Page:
William Arkin on White Phosphorus in Fallujah: “It is a representation of a losing strategy”

William Arkin not only organizes what we know about the use of white phosphorus in Fallujah, but he puts in context — which just makes it all the more depressing. This is a rich posting, and I urge you to go read more than the excerpt below. (More kudos to the Washington Post for giving Arkin a platform!)

“White Death” Is A Losing Strategy: … When used in artillery ammunition, “Willy Pete” as it is called, can produce white smoke and illumination, and is particularly useful for target marking. It has been a standard and inexpensive weapon in world arsenals for decades.

… The [Italian TV] documentary shows close-ups of Fallujah civilians, badly burnt, their skin dissolved or caramelized. An Iraqi biologist in Fallujah is interviewed, saying “a rain of fire fell on the city,” burning people’s flesh, but strangely leaving “their clothes intact.”

…White phosphorus, though used, the Pentagon said, is “simply another conventional munition” that is neither outlawed nor illegal.

Well not simply. …

I for one am reluctant to pronounce whether the use of white phosphorous for “shake and bake” missions in Fallujah and the evident blundering use of white phosphorous in areas known to be occupied by civilians is illegal. Neither am I buying the State Department’s line that the use of white phosphorous in this way — that is, to possibly inflict unnecessary suffering — is not “illegal” use. What I’m sure of is that the use of white phosphorous is not just some insensitive act. It is not just bad P.R. It is the ill thought out and panicked use of a weapon in an illegitimate way.

U.S. military forces have the most stringent legal rules, the most aggressive internal lawyer class, the most constraining rules of engagement with regard to the laws of war and civilian casualties — even under the shoot-em-first-ask-questions-later Bush administration. Those rules are scrupulously followed, as long as everything is going well and the chain of command is strong and in control.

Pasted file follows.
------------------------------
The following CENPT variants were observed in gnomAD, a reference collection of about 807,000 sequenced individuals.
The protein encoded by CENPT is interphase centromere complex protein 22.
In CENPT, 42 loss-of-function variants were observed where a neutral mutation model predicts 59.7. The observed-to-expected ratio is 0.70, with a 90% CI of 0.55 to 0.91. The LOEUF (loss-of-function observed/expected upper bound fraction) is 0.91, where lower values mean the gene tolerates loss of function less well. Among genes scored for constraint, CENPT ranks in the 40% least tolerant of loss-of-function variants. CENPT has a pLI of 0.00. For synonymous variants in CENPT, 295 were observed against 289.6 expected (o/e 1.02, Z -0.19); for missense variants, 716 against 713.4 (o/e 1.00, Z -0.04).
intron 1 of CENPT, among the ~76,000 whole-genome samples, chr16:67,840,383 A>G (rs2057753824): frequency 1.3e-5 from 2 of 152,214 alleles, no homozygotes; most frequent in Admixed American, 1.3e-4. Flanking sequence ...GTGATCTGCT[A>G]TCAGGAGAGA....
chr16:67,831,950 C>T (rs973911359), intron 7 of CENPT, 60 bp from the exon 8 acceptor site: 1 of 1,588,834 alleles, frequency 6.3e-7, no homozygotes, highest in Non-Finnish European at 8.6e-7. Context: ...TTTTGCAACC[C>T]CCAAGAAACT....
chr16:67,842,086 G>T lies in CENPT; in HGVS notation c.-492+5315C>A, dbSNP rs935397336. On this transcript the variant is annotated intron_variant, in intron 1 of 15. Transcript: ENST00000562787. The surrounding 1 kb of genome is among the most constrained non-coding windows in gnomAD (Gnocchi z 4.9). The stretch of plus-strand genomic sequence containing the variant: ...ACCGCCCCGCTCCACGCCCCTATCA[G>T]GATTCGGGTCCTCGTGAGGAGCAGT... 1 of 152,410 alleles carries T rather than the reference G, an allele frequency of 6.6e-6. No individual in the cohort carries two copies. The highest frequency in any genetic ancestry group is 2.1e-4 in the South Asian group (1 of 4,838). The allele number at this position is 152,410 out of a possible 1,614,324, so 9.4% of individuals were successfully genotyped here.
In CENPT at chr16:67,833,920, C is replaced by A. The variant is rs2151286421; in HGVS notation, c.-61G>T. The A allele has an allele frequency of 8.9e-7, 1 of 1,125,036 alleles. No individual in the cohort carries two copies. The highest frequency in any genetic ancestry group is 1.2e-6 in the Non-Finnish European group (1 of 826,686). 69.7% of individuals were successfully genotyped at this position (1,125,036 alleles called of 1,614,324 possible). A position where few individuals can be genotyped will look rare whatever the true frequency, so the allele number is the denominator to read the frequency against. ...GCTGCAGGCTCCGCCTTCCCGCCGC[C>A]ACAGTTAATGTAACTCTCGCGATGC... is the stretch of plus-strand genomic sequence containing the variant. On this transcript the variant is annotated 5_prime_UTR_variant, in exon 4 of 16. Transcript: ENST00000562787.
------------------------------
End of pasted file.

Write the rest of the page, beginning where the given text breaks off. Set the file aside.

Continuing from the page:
When the chain of command breaks down and military formations turn into a mob, Abu Ghraib’s result. …

When soldiers and commanders are discouraged and following a losing strategy, “taking” Fallujah, let’s say, not for the first or second or even third time; when they are trying to use “psychology,” that is, demoralize the enemy, then it is not enough to just defeat them. That is where shake and bake comes in, the desire to do something in a different way, to “shock and awe” the opposition, to sow chaos. …

In Fallujah, the Army employed a terribly ill-conceived method for using white phosphorous, evidently interested only in the immediate tactical gain and its felicitous shake and bake fun. Higher level commanders were either absent or oblivious to the larger issues. They did not impose order and encourage precision. They should be held accountable. They won’t.

It really is Vietnam all over again, isn’t it?

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